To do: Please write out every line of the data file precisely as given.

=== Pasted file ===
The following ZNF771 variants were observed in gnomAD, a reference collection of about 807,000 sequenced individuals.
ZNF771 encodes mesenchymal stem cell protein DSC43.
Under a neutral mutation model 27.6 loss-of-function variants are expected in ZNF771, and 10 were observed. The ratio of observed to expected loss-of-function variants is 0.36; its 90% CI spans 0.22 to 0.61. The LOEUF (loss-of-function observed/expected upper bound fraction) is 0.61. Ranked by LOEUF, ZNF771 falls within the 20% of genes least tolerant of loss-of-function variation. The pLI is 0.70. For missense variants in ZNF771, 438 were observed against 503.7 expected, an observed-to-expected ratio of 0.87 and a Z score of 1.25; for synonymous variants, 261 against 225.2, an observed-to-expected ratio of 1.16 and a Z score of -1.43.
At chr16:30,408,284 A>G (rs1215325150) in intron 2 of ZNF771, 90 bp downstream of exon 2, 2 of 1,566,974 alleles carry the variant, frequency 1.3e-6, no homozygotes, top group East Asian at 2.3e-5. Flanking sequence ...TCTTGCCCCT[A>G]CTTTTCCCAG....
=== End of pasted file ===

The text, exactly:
The following ZNF771 variants were observed in gnomAD, a reference collection of about 807,000 sequenced individuals.
ZNF771 encodes mesenchymal stem cell protein DSC43.
Under a neutral mutation model 27.6 loss-of-function variants are expected in ZNF771, and 10 were observed. The ratio of observed to expected loss-of-function variants is 0.36; its 90% CI spans 0.22 to 0.61. The LOEUF (loss-of-function observed/expected upper bound fraction) is 0.61. Ranked by LOEUF, ZNF771 falls within the 20% of genes least tolerant of loss-of-function variation. The pLI is 0.70. For missense variants in ZNF771, 438 were observed against 503.7 expected, an observed-to-expected ratio of 0.87 and a Z score of 1.25; for synonymous variants, 261 against 225.2, an observed-to-expected ratio of 1.16 and a Z score of -1.43.
At chr16:30,408,284 A>G (rs1215325150) in intron 2 of ZNF771, 90 bp downstream of exon 2, 2 of 1,566,974 alleles carry the variant, frequency 1.3e-6, no homozygotes, top group East Asian at 2.3e-5. Flanking sequence ...TCTTGCCCCT[A>G]CTTTTCCCAG....